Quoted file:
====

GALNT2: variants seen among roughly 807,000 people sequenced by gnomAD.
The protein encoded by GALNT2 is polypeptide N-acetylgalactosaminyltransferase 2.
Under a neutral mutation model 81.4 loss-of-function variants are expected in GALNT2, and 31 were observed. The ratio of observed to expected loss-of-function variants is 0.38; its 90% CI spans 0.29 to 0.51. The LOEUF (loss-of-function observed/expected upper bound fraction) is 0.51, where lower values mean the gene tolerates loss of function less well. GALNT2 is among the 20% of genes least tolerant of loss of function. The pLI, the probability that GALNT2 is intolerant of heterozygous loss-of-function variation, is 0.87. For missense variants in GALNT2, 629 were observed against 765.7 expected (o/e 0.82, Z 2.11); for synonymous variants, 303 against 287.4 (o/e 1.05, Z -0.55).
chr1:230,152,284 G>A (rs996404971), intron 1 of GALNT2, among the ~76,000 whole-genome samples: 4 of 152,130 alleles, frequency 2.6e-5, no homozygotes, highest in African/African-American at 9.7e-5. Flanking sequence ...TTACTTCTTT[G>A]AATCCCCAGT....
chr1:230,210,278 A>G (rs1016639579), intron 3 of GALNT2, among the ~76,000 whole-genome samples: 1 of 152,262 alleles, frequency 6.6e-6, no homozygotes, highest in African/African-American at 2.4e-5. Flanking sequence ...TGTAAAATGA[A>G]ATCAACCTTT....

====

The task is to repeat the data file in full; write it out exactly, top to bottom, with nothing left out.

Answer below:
GALNT2: variants seen among roughly 807,000 people sequenced by gnomAD.
The protein encoded by GALNT2 is polypeptide N-acetylgalactosaminyltransferase 2.
Under a neutral mutation model 81.4 loss-of-function variants are expected in GALNT2, and 31 were observed. The ratio of observed to expected loss-of-function variants is 0.38; its 90% CI spans 0.29 to 0.51. The LOEUF (loss-of-function observed/expected upper bound fraction) is 0.51, where lower values mean the gene tolerates loss of function less well. GALNT2 is among the 20% of genes least tolerant of loss of function. The pLI, the probability that GALNT2 is intolerant of heterozygous loss-of-function variation, is 0.87. For missense variants in GALNT2, 629 were observed against 765.7 expected (o/e 0.82, Z 2.11); for synonymous variants, 303 against 287.4 (o/e 1.05, Z -0.55).
chr1:230,152,284 G>A (rs996404971), intron 1 of GALNT2, among the ~76,000 whole-genome samples: 4 of 152,130 alleles, frequency 2.6e-5, no homozygotes, highest in African/African-American at 9.7e-5. Flanking sequence ...TTACTTCTTT[G>A]AATCCCCAGT....
chr1:230,210,278 A>G (rs1016639579), intron 3 of GALNT2, among the ~76,000 whole-genome samples: 1 of 152,262 alleles, frequency 6.6e-6, no homozygotes, highest in African/African-American at 2.4e-5. Flanking sequence ...TGTAAAATGA[A>G]ATCAACCTTT....